In its decision of 14 December 2021, the Bülach District Court upheld the claim of an insurance employee dismissed for whistleblowing and awarded him three months' wages for unfair dismissal.
The unfairly dismissed plaintiff succeeded in proving that there was a direct causal link between his bona fide SpeakUp report on the company's designated internal channels and the dismissal pronounced immediately after the conclusion of the company's internal whistleblowing procedure. The court did not believe the insurance company's assertions that the termination was due to alleged "difficult behaviour" on the part of the plaintiff, for which the defendant was unable to provide any evidence. Rather, based on the defendant's claim that it had waited until the conclusion of the internal investigation, the court concluded that there was a direct link between the whistleblowing report and the termination, as the defendant would obviously not have terminated the employment if the report had been assessed as accurate by the internal compliance unit and had led to measures being taken.
The plaintiff is the current owner of iclaims.ch. The ruling shows that also in the canton of Zurich and in Switzerland in general, employees are protected from dismissal if they report irregularities in good faith on channels set up by the employer. The employer has to tolerate such reports within the framework of his duty of care and also on the basis of the constitutional freedom of expression and is not entitled to issue a dismissal immediately after the conclusion of an internal company investigation. If he nevertheless does so, the causal link between the whistleblowing report and the dismissal is given if the employee succeeds in showing this causal link.
However, Swiss labour law provides for a maximum compensation of six months' salary for abusive dismissals - apart from the plaintiff having to prove that the dismissal was abusive, which is a high hurdle in itself. However, the much higher damage caused to the employees concerned and to the unemployment insurance is often not compensated by far if they do not find an equally well-paid job very quickly, which is practically impossible, especially in the case of older employees as in the present case. Nevertheless, the Swiss Code of Obligations leaves open the possibility of claiming additional damages under other legal titles. This should be the case here, as the plaintiff has demonstrably suffered damages of several hundred thousand Swiss francs due to the violation of employment contract provisions together with the unemployment insurance. On the one hand, this was because there was (partial) unemployment for almost two and a half years and, on the other hand, because the wages earned were more than a third lower than before the dismissal.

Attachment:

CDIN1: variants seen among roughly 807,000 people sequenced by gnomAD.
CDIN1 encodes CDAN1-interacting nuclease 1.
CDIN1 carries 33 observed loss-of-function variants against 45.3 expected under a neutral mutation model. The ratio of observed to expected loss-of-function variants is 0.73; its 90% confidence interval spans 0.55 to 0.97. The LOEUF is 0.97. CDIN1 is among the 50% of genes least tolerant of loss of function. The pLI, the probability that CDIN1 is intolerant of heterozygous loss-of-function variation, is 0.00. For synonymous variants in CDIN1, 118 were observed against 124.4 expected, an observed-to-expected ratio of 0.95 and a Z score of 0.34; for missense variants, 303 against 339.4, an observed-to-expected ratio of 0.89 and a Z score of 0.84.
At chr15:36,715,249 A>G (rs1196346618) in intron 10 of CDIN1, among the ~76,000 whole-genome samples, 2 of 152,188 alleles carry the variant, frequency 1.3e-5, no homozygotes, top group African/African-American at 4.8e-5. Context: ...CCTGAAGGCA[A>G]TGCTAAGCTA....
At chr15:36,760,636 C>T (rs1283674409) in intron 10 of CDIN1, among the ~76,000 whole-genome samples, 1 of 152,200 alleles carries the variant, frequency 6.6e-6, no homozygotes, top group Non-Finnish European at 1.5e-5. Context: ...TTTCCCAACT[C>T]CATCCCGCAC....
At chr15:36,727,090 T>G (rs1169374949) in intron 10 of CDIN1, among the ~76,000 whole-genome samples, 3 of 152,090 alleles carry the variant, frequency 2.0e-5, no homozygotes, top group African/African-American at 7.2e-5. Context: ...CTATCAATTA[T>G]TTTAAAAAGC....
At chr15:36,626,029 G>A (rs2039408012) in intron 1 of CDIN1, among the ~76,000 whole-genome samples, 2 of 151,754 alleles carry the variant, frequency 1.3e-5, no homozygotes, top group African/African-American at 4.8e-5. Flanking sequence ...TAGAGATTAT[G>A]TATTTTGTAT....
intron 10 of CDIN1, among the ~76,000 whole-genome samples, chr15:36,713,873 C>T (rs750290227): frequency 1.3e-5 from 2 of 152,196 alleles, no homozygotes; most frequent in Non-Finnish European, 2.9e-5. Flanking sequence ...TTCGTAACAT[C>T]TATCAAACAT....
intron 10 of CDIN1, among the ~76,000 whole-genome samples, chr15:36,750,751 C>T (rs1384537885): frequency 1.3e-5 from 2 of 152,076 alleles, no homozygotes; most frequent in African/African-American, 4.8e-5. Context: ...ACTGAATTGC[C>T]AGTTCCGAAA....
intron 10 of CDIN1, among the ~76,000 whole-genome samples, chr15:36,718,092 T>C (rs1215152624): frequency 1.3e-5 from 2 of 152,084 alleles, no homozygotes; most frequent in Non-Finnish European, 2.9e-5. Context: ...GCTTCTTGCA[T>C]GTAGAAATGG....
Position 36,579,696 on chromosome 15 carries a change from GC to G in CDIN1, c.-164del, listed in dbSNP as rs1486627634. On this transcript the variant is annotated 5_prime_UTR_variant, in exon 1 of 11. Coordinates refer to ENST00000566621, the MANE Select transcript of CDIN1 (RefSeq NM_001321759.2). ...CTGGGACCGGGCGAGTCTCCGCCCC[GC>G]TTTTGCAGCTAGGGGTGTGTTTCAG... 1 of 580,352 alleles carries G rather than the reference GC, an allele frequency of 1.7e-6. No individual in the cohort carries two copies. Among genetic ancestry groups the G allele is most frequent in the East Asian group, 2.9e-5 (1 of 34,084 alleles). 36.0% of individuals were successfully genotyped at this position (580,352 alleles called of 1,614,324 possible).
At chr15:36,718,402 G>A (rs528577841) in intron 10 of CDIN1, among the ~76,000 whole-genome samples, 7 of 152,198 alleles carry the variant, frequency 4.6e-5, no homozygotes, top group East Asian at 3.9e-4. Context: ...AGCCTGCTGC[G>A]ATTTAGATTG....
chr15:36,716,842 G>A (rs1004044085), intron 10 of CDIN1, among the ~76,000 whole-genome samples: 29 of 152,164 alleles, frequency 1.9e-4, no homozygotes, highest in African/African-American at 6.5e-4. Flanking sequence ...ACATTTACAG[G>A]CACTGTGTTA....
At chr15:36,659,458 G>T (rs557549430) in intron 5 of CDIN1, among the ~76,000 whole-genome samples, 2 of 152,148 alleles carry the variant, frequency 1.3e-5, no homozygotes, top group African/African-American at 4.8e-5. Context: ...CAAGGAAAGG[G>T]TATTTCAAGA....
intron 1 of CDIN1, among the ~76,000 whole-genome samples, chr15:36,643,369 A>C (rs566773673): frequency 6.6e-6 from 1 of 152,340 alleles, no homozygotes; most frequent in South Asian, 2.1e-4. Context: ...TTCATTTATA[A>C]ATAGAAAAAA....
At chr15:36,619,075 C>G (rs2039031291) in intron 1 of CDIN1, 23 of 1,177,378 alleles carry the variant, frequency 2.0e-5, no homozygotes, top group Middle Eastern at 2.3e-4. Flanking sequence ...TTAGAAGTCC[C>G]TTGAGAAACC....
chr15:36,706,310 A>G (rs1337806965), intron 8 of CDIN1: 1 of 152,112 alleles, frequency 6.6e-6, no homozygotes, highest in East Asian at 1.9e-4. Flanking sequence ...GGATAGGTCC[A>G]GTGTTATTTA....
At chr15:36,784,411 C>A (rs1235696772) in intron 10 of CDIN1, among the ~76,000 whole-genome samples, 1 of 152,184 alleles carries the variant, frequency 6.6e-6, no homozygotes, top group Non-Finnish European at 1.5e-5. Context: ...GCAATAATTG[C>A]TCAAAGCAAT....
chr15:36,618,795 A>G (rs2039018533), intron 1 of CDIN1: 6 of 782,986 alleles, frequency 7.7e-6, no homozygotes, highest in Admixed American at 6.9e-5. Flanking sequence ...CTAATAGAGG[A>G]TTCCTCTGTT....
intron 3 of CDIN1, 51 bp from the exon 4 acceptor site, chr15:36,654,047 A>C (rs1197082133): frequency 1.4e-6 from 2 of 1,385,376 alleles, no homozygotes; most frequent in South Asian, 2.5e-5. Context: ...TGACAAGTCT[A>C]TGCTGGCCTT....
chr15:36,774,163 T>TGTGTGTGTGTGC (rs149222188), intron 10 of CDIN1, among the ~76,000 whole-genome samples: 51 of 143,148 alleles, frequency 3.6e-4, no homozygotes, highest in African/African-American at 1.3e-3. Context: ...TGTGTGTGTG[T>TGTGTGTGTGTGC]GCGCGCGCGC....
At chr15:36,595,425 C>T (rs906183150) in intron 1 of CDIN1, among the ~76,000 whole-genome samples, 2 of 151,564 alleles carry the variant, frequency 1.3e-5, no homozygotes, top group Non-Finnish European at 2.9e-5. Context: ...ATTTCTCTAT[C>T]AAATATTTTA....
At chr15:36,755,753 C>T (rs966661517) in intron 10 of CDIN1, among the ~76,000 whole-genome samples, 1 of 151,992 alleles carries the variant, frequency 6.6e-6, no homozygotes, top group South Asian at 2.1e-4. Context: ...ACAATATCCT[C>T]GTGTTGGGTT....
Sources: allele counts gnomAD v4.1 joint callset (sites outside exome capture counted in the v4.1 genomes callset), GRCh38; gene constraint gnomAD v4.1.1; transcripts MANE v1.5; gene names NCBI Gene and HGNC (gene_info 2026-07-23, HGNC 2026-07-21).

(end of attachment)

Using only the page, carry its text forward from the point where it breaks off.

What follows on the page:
The EU introduces a new regulation imposing enhanced safety standards for car manufacturers in order to significantly reduce the number of road casualties and injuries. Member states' ambassadors meeting in the Council's Permanent Representatives Committee today approved the provisional deal reached between the Romanian presidency and the European Parliament on a draft regulation on the general safety of motor vehicles and the protection of vehicle occupants and vulnerable road users.
According to Niculae Bădălău, Romanian Minister for economy, this new regulation will contribute to the objective of significantly reducing the number of fatalities and severe injuries on EU roads through the measures for the protection of vehicle occupants and vulnerable road users. Starting from 2022, new technologies and systems will become mandatory for new vehicles of different types. The new regulation will also provide an opportunity for EU car manufacturers to consolidate their leadership on innovative vehicle safety systems.
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